Sunday, February 18, 2007

Media frenzy

Sorry I missed last week; as soon as I finished the book I developed my usual antipathy towards keyboards, typing, thinking or anything much, besides lolling and wallowing in end-of-book bliss.
I was taken out to lunch by my publisher’s publicist to talk about promotion. It’s a weird business, as I spend roughly 50 weeks a year beavering away alone in my shed, then for the other two weeks I’m wheeled out to talk live to various regional radio stations with varying degrees of terror/success – but mostly terror. In the hands of an accomplished professional who actually reads their brief or, even better, the book, it’s plain sailing, if not actual fun. However, last time York Radio couldn’t find the telephone number of Bristol Radio where I was waiting to be interviewed and when they finally tracked it down, 45 minutes late, they talked about tractors: which as I write about a square mile in the centre of one of the largest cities in the world, were not wildly relevant. Needless to say, I had little to say about tractors or indeed, ploughing. London Radio had an interviewer who was so coked out of her tiny loaf* that all she could do was gabble about verruca plasters and kept insisting that my parents owned the Two Is coffee bar (a famous early rock & roll venue), which they didn’t: we just lived above it. Then there’s the interviewers who don’t ask questions, just make statements. One can’t answer statements with much more than a ‘yes’ or a ‘no’, which is very boring for the listener.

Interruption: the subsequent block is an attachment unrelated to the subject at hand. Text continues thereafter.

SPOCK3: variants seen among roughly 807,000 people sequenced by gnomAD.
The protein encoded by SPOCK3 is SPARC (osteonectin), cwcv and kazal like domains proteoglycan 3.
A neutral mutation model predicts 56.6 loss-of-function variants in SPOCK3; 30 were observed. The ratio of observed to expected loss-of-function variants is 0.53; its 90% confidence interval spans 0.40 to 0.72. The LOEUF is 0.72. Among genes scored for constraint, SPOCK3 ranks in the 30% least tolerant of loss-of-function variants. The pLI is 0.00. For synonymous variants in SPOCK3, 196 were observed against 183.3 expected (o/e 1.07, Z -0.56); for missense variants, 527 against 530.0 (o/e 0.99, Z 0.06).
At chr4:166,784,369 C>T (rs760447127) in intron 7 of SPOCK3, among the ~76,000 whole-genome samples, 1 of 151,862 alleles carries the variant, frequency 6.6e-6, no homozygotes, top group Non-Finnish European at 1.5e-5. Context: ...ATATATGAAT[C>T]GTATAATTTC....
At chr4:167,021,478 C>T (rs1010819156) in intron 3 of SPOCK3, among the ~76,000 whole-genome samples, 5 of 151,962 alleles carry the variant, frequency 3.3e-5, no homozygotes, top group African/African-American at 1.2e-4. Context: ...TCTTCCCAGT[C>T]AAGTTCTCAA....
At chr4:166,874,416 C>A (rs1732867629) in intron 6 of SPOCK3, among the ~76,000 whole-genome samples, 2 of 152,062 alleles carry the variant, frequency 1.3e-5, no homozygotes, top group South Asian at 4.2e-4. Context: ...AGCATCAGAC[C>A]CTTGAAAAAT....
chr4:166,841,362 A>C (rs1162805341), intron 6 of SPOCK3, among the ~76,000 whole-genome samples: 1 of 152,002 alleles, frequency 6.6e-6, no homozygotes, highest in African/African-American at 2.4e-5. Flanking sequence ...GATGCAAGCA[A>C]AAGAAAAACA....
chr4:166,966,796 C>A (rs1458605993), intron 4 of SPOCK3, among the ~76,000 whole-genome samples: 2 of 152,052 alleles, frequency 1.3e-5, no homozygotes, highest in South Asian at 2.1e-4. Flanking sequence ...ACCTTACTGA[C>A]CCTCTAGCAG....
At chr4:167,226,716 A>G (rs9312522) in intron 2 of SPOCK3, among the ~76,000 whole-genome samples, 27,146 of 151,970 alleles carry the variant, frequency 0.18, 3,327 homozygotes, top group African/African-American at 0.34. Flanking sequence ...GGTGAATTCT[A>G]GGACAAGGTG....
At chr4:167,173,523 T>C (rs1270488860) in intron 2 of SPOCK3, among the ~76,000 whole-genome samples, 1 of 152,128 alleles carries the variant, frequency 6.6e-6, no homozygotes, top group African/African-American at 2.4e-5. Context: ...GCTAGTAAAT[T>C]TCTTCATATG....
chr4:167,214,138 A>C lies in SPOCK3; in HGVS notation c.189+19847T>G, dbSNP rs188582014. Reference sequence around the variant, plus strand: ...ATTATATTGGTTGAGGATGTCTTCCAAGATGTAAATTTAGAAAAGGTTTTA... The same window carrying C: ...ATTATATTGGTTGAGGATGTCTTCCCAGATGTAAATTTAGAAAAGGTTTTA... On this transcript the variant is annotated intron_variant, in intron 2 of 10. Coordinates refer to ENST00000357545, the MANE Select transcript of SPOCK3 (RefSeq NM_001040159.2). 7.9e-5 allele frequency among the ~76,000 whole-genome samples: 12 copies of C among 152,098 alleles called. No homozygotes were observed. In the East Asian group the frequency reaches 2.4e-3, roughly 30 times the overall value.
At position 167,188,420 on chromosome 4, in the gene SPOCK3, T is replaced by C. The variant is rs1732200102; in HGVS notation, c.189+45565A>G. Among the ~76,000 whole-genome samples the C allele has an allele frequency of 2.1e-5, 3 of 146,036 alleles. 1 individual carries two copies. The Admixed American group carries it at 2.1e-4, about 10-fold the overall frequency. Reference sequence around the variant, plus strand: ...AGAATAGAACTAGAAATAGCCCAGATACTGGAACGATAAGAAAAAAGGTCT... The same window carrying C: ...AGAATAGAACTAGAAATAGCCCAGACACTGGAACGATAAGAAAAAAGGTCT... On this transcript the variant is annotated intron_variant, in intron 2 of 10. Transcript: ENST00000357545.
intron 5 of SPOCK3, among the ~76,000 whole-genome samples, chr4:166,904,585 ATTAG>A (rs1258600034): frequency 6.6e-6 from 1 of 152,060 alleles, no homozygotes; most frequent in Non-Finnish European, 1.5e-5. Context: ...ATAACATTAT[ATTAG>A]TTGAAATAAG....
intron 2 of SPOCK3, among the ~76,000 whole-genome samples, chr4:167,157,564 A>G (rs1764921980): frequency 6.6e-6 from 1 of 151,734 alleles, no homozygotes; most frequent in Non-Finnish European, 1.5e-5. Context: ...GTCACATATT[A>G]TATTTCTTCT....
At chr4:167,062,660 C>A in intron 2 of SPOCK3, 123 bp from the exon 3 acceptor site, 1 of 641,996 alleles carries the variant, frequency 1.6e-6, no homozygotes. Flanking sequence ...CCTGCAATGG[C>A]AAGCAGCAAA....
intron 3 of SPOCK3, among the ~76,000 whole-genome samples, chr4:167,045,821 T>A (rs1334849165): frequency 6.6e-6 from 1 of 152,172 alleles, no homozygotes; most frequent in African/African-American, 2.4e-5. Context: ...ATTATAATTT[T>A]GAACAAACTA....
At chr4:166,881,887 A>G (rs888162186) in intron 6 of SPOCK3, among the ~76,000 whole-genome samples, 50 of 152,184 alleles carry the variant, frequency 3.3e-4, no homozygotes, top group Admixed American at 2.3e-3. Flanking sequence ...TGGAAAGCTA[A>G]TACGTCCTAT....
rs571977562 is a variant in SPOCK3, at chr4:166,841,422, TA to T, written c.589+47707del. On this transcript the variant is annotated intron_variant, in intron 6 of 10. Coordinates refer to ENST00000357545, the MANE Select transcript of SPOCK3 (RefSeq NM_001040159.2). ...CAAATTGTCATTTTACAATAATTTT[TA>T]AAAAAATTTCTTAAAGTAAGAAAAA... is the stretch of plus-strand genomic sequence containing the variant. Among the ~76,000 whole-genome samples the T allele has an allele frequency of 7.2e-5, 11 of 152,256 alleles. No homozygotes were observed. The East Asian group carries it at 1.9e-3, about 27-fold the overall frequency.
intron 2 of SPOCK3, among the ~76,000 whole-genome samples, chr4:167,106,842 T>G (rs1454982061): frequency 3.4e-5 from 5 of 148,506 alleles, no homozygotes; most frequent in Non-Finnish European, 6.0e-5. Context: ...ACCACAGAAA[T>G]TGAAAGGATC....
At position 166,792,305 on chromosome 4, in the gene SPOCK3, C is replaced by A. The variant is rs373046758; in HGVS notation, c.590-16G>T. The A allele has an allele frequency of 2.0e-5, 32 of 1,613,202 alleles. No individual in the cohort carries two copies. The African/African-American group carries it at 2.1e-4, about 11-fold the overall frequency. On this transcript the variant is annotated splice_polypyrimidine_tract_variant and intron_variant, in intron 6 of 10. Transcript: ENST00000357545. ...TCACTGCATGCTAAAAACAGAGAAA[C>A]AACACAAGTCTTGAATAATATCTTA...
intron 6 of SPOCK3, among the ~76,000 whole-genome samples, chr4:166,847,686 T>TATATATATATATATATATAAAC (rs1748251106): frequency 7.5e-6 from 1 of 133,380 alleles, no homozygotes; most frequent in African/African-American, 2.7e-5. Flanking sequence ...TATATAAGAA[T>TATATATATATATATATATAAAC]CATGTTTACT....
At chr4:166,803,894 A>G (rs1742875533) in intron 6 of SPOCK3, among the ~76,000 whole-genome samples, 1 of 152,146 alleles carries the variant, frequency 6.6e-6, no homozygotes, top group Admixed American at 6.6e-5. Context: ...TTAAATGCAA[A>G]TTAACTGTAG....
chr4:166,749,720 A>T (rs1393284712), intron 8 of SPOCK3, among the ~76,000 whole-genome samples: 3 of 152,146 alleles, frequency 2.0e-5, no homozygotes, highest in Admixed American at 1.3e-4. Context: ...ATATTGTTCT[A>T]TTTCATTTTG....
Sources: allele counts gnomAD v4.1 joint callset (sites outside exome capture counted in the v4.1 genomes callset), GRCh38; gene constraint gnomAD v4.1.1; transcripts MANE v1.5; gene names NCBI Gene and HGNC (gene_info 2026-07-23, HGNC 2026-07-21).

The whole thing reduces me to a quivering wreck and now things may get worse. The publicist was talking about trying for some television, and I almost had a nervous breakdown at the thought. All I could think was, I don’t want to be SEEN, for goodness sake - I’m short, fat, knocking sixty and what on earth would I wear? Would I need to put on some slap*? And what about my mad barnet*, which being curly, sticks out all over the place?
However, I have managed to make a plan for lousy interviewers. I’ll do what politicians do; I’ll work up a spiel to go into if they start on about tractors or verrucas, and as for the telly – perhaps a bag over my head. Any suggestions about how to deal with all this with grace, charm and the minimum of terror would be gratefully accepted.
Pip
* Translations of Cockney slang: * loaf (of bread) – head; slap – cosmetics, make-up specifically; and finally barnet (fair) – hair.

1 comment:

Vicki Delany said...

I can only be envious that you have someone helping you with promotion. I think that I can be a fairly good interviewee, if I ever get the chance, but I'm just plain lousy at being able to organize anything.